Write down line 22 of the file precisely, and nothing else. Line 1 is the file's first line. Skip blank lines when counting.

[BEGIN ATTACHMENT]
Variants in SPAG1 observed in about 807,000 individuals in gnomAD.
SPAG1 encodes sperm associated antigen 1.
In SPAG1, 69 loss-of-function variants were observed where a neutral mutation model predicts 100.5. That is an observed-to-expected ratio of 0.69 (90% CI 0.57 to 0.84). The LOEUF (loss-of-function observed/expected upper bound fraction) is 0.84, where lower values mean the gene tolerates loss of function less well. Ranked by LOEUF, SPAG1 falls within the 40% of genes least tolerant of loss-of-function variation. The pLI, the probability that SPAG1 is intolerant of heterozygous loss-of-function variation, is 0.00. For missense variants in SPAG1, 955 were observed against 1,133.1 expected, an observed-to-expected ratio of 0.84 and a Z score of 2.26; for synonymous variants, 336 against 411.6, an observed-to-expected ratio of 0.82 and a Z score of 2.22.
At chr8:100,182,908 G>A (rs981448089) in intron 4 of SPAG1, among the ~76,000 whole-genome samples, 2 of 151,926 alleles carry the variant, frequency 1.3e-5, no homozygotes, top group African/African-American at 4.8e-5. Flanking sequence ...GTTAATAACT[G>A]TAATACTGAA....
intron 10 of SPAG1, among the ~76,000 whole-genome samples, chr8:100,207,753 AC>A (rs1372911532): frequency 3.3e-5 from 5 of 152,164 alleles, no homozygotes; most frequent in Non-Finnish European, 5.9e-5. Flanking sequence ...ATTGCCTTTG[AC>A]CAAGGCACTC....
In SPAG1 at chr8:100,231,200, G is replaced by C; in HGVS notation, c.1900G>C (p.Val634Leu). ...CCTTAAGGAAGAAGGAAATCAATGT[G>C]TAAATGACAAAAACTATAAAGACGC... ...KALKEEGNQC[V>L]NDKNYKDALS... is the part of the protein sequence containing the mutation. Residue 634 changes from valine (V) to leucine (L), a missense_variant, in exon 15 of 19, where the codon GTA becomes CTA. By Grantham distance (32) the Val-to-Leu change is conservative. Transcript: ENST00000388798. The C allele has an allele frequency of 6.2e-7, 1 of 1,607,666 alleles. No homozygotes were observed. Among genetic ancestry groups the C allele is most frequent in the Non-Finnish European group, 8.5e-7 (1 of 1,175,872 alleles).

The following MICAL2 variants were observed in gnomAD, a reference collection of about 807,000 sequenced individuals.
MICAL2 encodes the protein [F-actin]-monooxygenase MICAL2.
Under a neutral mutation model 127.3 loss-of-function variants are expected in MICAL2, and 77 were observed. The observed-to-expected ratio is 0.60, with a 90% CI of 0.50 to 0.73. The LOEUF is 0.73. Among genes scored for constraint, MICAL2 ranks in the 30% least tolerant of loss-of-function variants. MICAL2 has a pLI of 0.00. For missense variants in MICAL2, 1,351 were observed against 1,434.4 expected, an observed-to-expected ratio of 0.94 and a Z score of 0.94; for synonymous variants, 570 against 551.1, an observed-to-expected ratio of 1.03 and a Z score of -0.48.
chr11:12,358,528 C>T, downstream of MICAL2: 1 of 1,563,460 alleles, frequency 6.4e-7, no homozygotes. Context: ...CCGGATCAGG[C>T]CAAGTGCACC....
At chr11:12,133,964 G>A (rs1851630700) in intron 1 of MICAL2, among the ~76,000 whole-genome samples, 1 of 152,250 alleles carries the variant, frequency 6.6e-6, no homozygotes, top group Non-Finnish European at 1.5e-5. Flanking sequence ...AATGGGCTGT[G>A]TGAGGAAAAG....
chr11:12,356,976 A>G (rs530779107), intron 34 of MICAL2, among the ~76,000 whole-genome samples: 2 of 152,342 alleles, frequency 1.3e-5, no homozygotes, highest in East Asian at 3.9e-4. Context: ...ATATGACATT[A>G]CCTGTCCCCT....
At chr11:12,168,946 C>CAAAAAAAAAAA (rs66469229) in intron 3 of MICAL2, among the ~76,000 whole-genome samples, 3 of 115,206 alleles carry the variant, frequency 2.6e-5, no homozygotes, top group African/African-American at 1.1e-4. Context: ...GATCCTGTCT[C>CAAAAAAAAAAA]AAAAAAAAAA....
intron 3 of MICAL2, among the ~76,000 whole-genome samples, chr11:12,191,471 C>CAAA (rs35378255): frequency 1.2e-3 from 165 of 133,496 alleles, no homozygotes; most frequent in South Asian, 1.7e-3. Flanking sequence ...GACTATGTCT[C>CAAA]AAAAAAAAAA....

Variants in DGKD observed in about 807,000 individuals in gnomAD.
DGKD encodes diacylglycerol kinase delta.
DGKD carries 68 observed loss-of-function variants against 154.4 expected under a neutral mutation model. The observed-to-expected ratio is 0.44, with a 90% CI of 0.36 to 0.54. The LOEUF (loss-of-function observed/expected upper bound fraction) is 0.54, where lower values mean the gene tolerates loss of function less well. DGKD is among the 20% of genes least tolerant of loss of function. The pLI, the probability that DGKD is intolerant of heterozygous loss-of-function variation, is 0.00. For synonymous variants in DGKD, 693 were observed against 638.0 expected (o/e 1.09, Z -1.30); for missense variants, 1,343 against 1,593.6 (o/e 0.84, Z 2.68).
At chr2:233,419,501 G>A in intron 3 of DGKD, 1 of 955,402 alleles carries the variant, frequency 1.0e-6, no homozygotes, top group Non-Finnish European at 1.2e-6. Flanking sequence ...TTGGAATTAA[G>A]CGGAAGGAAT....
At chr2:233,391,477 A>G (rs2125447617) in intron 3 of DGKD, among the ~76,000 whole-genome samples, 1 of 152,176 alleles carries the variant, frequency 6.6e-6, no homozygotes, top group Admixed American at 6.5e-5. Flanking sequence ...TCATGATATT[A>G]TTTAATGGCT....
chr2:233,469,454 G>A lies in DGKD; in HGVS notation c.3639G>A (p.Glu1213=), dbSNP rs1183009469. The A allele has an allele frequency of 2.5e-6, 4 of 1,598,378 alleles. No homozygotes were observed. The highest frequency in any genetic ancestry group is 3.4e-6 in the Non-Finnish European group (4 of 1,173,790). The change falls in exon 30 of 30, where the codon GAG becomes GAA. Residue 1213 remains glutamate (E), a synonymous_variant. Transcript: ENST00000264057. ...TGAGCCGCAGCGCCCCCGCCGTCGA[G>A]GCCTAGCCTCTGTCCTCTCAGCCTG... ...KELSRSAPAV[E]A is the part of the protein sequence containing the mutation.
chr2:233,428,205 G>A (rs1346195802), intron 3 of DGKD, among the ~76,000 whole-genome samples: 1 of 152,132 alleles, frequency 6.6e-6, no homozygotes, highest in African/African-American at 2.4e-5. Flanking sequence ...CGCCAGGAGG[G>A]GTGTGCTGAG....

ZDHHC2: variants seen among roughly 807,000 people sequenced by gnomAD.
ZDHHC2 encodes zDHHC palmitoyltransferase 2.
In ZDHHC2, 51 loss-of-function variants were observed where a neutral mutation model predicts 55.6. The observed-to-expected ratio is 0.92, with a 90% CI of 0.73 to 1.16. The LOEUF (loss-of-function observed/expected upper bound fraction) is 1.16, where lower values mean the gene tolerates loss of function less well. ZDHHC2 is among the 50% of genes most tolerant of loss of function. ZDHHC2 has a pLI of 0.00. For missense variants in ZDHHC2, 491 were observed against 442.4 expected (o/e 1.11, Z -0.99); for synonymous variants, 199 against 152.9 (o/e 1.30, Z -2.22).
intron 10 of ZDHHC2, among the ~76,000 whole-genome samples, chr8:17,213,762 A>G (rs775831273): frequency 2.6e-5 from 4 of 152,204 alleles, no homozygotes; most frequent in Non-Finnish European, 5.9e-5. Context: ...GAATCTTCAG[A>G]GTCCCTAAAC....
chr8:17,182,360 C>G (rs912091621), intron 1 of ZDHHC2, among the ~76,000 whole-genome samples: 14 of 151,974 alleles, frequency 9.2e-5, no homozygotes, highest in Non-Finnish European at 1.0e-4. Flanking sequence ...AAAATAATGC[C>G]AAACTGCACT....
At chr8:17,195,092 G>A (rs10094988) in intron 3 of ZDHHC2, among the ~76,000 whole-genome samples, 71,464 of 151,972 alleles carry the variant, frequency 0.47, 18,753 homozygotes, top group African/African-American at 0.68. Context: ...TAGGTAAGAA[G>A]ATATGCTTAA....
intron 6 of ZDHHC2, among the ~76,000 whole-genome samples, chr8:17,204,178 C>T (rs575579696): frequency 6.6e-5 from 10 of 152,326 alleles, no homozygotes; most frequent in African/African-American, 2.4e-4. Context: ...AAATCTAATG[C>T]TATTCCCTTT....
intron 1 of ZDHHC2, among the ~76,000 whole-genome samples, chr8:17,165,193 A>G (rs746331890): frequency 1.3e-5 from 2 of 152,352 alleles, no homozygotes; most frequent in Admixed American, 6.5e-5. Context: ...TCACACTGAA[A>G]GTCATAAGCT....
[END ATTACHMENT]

ZDHHC2: variants seen among roughly 807,000 people sequenced by gnomAD.